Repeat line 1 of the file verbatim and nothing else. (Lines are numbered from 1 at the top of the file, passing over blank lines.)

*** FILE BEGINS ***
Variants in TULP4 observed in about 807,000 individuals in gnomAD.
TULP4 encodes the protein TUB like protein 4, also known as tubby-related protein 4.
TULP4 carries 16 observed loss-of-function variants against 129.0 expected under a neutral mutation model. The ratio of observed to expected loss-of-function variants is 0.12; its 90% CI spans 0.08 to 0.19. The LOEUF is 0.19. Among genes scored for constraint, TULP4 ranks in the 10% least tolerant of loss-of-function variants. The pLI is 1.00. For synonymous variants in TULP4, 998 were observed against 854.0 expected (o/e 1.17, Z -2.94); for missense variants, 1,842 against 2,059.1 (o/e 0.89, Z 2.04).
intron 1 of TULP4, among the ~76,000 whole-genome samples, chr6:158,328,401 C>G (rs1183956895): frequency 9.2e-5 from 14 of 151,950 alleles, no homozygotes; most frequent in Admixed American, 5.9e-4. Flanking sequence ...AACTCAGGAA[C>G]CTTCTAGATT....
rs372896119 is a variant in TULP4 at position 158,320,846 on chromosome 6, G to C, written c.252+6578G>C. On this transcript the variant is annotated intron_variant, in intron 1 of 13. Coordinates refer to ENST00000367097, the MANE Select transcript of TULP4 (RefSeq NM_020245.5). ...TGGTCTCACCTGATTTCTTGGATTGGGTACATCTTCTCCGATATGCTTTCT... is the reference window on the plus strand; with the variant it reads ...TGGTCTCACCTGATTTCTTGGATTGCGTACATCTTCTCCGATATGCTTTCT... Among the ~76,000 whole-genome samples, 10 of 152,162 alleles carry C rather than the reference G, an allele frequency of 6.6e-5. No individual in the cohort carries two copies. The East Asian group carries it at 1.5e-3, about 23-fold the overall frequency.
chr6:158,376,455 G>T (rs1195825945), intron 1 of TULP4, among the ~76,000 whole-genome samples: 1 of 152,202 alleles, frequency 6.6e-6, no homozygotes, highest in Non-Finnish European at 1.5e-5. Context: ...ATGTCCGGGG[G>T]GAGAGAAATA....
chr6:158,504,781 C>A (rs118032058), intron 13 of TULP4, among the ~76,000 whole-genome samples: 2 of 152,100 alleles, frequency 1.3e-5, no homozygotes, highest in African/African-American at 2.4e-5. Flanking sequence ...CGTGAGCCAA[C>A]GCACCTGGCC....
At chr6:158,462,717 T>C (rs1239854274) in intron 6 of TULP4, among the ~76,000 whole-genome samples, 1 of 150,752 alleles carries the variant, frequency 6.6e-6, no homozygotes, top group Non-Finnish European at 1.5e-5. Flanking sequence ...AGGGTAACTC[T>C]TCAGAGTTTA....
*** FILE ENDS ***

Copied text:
Variants in TULP4 observed in about 807,000 individuals in gnomAD.